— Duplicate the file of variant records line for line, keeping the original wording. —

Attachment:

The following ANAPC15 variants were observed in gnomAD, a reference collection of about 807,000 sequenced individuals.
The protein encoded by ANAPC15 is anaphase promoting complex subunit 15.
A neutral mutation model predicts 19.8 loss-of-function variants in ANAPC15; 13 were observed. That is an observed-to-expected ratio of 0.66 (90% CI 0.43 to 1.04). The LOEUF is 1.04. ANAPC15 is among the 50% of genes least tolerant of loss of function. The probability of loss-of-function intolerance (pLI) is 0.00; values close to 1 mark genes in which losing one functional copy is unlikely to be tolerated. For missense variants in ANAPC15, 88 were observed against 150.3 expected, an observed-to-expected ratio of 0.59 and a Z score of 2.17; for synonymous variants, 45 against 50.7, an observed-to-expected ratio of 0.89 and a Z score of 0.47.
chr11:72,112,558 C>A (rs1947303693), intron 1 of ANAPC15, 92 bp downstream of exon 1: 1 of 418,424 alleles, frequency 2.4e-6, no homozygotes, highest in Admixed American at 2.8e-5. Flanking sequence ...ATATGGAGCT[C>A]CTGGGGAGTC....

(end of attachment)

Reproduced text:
The following ANAPC15 variants were observed in gnomAD, a reference collection of about 807,000 sequenced individuals.
The protein encoded by ANAPC15 is anaphase promoting complex subunit 15.
A neutral mutation model predicts 19.8 loss-of-function variants in ANAPC15; 13 were observed. That is an observed-to-expected ratio of 0.66 (90% CI 0.43 to 1.04). The LOEUF is 1.04. ANAPC15 is among the 50% of genes least tolerant of loss of function. The probability of loss-of-function intolerance (pLI) is 0.00; values close to 1 mark genes in which losing one functional copy is unlikely to be tolerated. For missense variants in ANAPC15, 88 were observed against 150.3 expected, an observed-to-expected ratio of 0.59 and a Z score of 2.17; for synonymous variants, 45 against 50.7, an observed-to-expected ratio of 0.89 and a Z score of 0.47.
chr11:72,112,558 C>A (rs1947303693), intron 1 of ANAPC15, 92 bp downstream of exon 1: 1 of 418,424 alleles, frequency 2.4e-6, no homozygotes, highest in Admixed American at 2.8e-5. Flanking sequence ...ATATGGAGCT[C>A]CTGGGGAGTC....